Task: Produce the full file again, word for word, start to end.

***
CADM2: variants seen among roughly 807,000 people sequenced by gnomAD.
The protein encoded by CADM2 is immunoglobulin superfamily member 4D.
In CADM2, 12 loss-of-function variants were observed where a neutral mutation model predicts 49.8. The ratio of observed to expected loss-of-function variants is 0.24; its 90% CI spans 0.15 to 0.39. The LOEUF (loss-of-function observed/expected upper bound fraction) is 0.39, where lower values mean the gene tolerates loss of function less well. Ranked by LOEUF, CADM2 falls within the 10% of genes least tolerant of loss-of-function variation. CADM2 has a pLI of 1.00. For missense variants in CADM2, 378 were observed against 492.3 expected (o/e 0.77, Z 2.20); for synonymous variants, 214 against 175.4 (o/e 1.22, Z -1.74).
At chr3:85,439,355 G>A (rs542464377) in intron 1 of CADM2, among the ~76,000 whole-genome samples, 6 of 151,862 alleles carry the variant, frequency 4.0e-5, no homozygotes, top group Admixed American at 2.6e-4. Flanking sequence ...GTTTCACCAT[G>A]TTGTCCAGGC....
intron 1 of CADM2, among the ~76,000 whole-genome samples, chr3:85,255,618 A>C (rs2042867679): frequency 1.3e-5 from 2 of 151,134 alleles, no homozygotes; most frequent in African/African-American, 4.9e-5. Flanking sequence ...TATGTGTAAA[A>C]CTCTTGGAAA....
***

CADM2: variants seen among roughly 807,000 people sequenced by gnomAD.
The protein encoded by CADM2 is immunoglobulin superfamily member 4D.
In CADM2, 12 loss-of-function variants were observed where a neutral mutation model predicts 49.8. The ratio of observed to expected loss-of-function variants is 0.24; its 90% CI spans 0.15 to 0.39. The LOEUF (loss-of-function observed/expected upper bound fraction) is 0.39, where lower values mean the gene tolerates loss of function less well. Ranked by LOEUF, CADM2 falls within the 10% of genes least tolerant of loss-of-function variation. CADM2 has a pLI of 1.00. For missense variants in CADM2, 378 were observed against 492.3 expected (o/e 0.77, Z 2.20); for synonymous variants, 214 against 175.4 (o/e 1.22, Z -1.74).
At chr3:85,439,355 G>A (rs542464377) in intron 1 of CADM2, among the ~76,000 whole-genome samples, 6 of 151,862 alleles carry the variant, frequency 4.0e-5, no homozygotes, top group Admixed American at 2.6e-4. Flanking sequence ...GTTTCACCAT[G>A]TTGTCCAGGC....
intron 1 of CADM2, among the ~76,000 whole-genome samples, chr3:85,255,618 A>C (rs2042867679): frequency 1.3e-5 from 2 of 151,134 alleles, no homozygotes; most frequent in African/African-American, 4.9e-5. Flanking sequence ...TATGTGTAAA[A>C]CTCTTGGAAA....